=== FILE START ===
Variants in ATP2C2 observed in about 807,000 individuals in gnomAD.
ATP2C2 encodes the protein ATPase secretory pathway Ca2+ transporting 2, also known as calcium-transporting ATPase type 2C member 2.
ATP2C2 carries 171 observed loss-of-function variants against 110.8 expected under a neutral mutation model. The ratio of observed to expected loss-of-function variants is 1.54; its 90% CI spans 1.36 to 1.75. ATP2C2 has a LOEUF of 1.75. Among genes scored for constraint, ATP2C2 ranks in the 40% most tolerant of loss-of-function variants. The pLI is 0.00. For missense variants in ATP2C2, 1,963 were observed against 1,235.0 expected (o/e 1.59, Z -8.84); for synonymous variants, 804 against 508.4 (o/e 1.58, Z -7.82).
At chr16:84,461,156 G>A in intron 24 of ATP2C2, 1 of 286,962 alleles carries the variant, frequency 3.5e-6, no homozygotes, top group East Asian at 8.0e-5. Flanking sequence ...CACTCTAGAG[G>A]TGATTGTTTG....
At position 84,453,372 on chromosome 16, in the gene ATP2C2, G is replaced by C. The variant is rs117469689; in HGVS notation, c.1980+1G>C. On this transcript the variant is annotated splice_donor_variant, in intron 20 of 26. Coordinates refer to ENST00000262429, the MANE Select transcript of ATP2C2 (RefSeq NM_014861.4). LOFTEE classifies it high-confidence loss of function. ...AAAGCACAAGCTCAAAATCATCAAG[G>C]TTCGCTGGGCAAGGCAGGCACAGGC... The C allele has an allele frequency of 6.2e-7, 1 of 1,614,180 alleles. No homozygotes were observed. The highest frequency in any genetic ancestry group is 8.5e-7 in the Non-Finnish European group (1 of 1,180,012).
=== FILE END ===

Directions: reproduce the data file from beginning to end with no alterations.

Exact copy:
Variants in ATP2C2 observed in about 807,000 individuals in gnomAD.
ATP2C2 encodes the protein ATPase secretory pathway Ca2+ transporting 2, also known as calcium-transporting ATPase type 2C member 2.
ATP2C2 carries 171 observed loss-of-function variants against 110.8 expected under a neutral mutation model. The ratio of observed to expected loss-of-function variants is 1.54; its 90% CI spans 1.36 to 1.75. ATP2C2 has a LOEUF of 1.75. Among genes scored for constraint, ATP2C2 ranks in the 40% most tolerant of loss-of-function variants. The pLI is 0.00. For missense variants in ATP2C2, 1,963 were observed against 1,235.0 expected (o/e 1.59, Z -8.84); for synonymous variants, 804 against 508.4 (o/e 1.58, Z -7.82).
At chr16:84,461,156 G>A in intron 24 of ATP2C2, 1 of 286,962 alleles carries the variant, frequency 3.5e-6, no homozygotes, top group East Asian at 8.0e-5. Flanking sequence ...CACTCTAGAG[G>A]TGATTGTTTG....
At position 84,453,372 on chromosome 16, in the gene ATP2C2, G is replaced by C. The variant is rs117469689; in HGVS notation, c.1980+1G>C. On this transcript the variant is annotated splice_donor_variant, in intron 20 of 26. Coordinates refer to ENST00000262429, the MANE Select transcript of ATP2C2 (RefSeq NM_014861.4). LOFTEE classifies it high-confidence loss of function. ...AAAGCACAAGCTCAAAATCATCAAG[G>C]TTCGCTGGGCAAGGCAGGCACAGGC... The C allele has an allele frequency of 6.2e-7, 1 of 1,614,180 alleles. No homozygotes were observed. The highest frequency in any genetic ancestry group is 8.5e-7 in the Non-Finnish European group (1 of 1,180,012).